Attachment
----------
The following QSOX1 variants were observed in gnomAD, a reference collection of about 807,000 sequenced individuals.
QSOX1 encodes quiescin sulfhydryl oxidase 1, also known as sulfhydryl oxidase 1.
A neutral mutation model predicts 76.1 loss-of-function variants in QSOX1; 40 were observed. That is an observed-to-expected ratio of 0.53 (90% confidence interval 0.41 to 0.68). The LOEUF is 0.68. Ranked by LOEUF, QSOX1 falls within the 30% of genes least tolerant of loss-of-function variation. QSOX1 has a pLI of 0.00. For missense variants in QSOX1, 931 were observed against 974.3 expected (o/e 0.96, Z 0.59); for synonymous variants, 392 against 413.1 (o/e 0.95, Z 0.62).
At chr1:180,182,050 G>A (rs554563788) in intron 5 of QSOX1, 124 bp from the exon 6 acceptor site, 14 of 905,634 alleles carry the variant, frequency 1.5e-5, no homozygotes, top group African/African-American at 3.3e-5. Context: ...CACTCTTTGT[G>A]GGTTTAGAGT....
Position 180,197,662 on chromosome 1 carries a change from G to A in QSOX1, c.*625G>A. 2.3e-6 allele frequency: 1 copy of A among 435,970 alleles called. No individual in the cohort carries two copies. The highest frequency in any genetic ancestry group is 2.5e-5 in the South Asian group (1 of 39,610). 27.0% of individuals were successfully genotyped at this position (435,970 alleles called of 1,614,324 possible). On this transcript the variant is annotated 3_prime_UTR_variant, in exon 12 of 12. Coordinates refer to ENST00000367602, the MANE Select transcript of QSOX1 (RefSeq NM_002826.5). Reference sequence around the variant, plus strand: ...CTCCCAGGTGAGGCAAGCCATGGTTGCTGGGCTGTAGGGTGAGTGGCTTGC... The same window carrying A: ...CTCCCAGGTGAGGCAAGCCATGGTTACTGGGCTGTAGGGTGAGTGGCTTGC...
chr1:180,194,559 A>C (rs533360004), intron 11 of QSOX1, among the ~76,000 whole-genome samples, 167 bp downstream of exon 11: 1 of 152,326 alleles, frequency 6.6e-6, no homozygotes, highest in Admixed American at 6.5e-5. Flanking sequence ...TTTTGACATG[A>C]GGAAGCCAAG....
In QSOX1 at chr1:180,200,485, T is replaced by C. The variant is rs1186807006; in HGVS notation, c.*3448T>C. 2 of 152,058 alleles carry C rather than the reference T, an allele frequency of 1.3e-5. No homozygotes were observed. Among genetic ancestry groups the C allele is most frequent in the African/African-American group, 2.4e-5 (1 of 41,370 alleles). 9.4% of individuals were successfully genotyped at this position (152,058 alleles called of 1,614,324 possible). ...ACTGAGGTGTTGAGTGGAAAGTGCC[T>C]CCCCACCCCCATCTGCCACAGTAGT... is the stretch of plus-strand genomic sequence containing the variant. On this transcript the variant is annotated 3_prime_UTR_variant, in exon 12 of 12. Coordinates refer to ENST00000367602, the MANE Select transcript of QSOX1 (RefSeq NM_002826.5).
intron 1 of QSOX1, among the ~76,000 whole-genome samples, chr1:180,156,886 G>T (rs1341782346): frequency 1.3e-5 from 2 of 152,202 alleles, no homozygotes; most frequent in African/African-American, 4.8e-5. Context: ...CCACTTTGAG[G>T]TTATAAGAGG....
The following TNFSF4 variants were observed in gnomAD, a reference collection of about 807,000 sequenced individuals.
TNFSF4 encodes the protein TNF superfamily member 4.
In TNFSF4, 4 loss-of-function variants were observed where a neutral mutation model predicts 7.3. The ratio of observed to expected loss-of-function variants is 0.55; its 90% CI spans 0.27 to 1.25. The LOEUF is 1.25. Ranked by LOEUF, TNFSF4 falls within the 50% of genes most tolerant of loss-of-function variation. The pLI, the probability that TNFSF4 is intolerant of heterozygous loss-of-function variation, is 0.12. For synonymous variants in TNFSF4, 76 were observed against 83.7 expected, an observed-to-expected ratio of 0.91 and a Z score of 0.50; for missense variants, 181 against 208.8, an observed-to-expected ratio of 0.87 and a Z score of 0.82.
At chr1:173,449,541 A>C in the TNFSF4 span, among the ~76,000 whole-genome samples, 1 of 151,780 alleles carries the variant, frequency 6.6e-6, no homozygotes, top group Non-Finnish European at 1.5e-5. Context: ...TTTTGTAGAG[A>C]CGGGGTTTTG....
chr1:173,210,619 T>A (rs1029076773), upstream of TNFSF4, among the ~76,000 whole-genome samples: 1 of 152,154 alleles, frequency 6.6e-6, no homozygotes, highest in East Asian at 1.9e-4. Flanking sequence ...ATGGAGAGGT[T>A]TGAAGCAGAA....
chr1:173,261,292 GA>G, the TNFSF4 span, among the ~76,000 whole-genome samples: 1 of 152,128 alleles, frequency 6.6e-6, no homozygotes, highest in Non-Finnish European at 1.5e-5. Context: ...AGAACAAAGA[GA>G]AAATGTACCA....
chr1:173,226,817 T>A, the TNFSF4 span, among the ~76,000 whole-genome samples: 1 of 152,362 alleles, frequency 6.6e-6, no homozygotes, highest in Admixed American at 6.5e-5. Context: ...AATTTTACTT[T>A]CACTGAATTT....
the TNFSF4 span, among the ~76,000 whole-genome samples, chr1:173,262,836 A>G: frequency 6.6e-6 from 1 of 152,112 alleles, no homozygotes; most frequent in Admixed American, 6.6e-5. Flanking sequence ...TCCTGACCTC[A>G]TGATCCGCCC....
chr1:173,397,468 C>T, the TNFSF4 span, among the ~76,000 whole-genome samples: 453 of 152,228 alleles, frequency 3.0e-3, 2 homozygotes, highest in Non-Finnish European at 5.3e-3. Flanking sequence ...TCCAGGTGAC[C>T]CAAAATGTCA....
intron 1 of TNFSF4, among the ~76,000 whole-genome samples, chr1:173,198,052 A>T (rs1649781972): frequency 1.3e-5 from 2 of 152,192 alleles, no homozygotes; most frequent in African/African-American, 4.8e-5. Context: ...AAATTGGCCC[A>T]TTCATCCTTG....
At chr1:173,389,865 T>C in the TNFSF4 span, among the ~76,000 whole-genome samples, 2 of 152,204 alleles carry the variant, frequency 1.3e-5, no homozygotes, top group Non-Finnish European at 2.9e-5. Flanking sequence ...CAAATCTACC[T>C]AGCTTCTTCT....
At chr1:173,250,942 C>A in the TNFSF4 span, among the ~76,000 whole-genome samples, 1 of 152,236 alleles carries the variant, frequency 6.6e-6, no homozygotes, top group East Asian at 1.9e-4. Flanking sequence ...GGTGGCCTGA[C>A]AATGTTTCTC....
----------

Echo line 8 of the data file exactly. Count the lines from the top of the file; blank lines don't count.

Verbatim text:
intron 1 of QSOX1, among the ~76,000 whole-genome samples, chr1:180,156,886 G>T (rs1341782346): frequency 1.3e-5 from 2 of 152,202 alleles, no homozygotes; most frequent in African/African-American, 4.8e-5. Context: ...CCACTTTGAG[G>T]TTATAAGAGG....